Nobel laureate in economics Amartya Sen on Wednesday praised the odd-even car regulation policy rolled out by the Delhi government on a trial basis from January 1, saying such a move will bring in confidence to conduct more such plans to curb pollution.
"The fact that it succeeded, it brings happiness and it brings confidence that something like this can be done. And I hope there will be many more to reduce pollution and other environmental hazards," he said.
Sen also praised the Delhi government saying that it takes "political will" to roll out such an initiative, while criticising the central government for neglecting the health and education sector.
"The previous government was spending less (on education). But the current government is spending even lesser. This is very unfortunate," he said here at the NDTV-TCS Nobel Solutions Summit, where Nobel laureates from across the globe gathered to debate, discuss and deliberate on the major challenges being faced by the world and India as well.
Sen also contended that ‘saffronisation’ of education is happening in India.
"To some extent it (saffronisation) is certainly happening in education). The important question is if whether its happening so much that it becomes the most important issue," he said.
With elections to the West Bengal assembly scheduled this year, Sen expressed hope that the current leadership of the Left, especially the major party (Communist Party of India-Marxist) can learn from its previous political debacles.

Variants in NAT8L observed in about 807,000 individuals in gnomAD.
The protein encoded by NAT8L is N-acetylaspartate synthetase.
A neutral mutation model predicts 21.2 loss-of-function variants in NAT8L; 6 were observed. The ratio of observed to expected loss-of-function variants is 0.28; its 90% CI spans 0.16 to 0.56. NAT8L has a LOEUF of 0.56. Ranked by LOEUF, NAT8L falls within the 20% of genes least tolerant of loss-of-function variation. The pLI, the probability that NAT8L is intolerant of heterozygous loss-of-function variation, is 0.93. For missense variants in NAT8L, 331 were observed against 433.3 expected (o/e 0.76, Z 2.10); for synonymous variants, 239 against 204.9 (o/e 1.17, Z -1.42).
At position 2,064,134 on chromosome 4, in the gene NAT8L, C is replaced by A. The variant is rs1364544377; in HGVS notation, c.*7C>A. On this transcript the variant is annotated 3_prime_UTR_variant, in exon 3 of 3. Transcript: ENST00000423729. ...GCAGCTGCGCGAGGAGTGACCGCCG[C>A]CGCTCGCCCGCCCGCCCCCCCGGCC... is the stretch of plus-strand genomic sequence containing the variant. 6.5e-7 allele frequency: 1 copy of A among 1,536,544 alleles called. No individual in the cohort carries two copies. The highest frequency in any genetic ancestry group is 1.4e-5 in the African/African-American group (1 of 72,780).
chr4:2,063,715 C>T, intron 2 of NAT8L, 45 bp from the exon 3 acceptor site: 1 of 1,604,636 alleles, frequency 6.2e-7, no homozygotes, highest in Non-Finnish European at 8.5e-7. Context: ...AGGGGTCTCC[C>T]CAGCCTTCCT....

"I’ve been critical of the Left, although I see myself as being a part of the Left. I think the attention of the Left got too confined to some very narrow attitude.. like the dominance of American imperialism and nothing else.
"There are other issues (as well) in the present leadership under (new general secretary Sitaram) Yechury. I think the Left has also learnt something from the defeat in the past few years (in elections). I think they will probably take a note of that and try to do something on it."
On the issue of "intolerance", he noted that there was intolerance in the previous government as well. "But the intolerance is much larger now and much more politically channelled. There might be others who would say that it (returning awards) is not the best way (to raise voice on intolerance) and that there might be a better way. Condemning ‘award-wapsi’ is also not a good way of responding to the current situation."
"I think I see what these people who have returned their award intended to do.. I respect that and to some extent they have achieved in drawing attention to it," he added.
Sen received Nobel Prize in Economics in 1998 for his contribution to welfare economics.